Musk’s Twitter takeover promises ideological diversity

Musk’s changes could invite respectful debate on a platform that has historically been dominated by liberal viewpoints


Courtesy of CNBC

Elon Musk’s takeover of Twitter has garnered mixed reviews, but it may symbolize a shift toward broader ideological diversity, writes Conor Metzger.

Conor Metzger, Staff Columnist

It finally happened. After months of speculation and uncertainty, Elon Musk has bought the social media company Twitter. Musk cemented the move on Oct. 26, posting a video of himself walking into Twitter headquarters holding a sink with the caption “let that sink in.” 

If you’ve actually been on Twitter this past week, you’ll know that the response to Musk’s take-over has been mixed. Some people are worried that the site will become a new 4Chan, where anything goes and there are little to no repercussions for violent or hateful messages. Others see a “win” for free speech and the hope for a better future where people can say what they want without fear of being censored.

Roksanna Keyvan

Both of these views are understandable. Despite his showmanship, I believe Musk recognizes that he must prove his purchase is for the better. He has made it clear that he will not be making any changes to Twitter’s allowed content until he puts together a diverse council to advise him on what changes should be made — the key word here being “diverse”. In the past, Twitter has highlighted the diversity of race, gender, nationality and similar factors among employees. However, they have had an issue with a prevalent liberal ideological leaning. When Musk says he wants “diversity”, he is also referring to a diversity of ideology.

This is one of the principal reasons I have been a fan of Musk’s decision to buy Twitter. The social media site has had a large issue in over-moderating conservative opinions while not focusing too much on liberal ones. I don’t think this is due to any sort of conspiracy —rather it just happens that people who work in technology have a liberal bias. This in and of itself is not an issue, as we all have our own biases. A good leader and a good company recognizes an issue like that and tries to implement a diversity of thought. This is what Musk is doing.

However, Musk has also laid off a large portion of the Twitter staff. He believes there to be an infestation of a “woke” culture that is damaging Twitter’s discourse. His solution is to start from scratch and impose extensive, cost-saving layoffs. While it may be unsettling to see multiple people lose their jobs, we should not see this as an uncommon occurrence.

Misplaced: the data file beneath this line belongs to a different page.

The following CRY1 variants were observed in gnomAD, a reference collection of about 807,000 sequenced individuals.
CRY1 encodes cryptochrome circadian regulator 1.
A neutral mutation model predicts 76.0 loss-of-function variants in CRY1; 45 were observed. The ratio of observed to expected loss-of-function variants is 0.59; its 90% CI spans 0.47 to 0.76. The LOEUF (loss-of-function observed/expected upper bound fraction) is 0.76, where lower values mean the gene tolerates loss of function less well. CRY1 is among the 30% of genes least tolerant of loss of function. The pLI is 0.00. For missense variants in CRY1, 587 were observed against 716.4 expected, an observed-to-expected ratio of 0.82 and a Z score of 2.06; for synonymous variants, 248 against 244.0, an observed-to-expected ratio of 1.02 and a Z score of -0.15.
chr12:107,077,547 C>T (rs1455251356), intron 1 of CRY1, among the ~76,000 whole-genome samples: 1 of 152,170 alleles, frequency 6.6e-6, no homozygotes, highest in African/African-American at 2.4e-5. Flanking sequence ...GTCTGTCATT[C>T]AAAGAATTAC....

Musk is a businessman with radically different views than Twitter’s previous leadership.  No matter your ideological leanings, it should be recognized that when you take over a company, you need to make sure workers are on your side in favor of productivity and growth. Musk cannot come in and have to spend every day fighting with the employee Slack channel. A Musk Twitter would not have been a conducive environment to those workers anyway, nor would those workers create a healthy environment for Musk. Technology is a growing industry, and it seems probable that these developers and engineers will find other jobs.

The growth that Musk is trying to create has also sparked a lot of concerns. One set of concerns comes from advertisers, who are worried about how their brand will look if one of their ads is seen next to a hateful comment. While Musk posted a tweet on Oct. 27 promising that Twitter will not become a “free-for-all hellscape,” there is justifiable concern. A lot of companies are choosing to suspend their Twitter advertising, at least until they see what direction the company takes. This does not bode well for Musk, who has taken on a considerable amount of debt in order to privatize the company. There is a lot of doubt about whether Silicon Valley’s biggest tech multibillionaire has what it takes to work both sides of the aisle and see a return on his investment. 

But maybe he will. 

Elon Musk is not some conservative boogeyman who wants his site to be a place where racism and sexism runs rampant. Rather, he is someone who sees issues analytically and has noticed that the spectrum of viewpoints on Twitter is not reminiscent of our society at large. If social media is supposed to represent a microcosm of our culture, then let it be so. By giving Musk the benefit of the doubt, we may be able to recreate a platform of debate that has been lost for some time. We should not assume that Twitter will become a “hellscape”, but make sure that we can participate in good, meaningful debate with each other on a platform that could be just the perfect place to do so.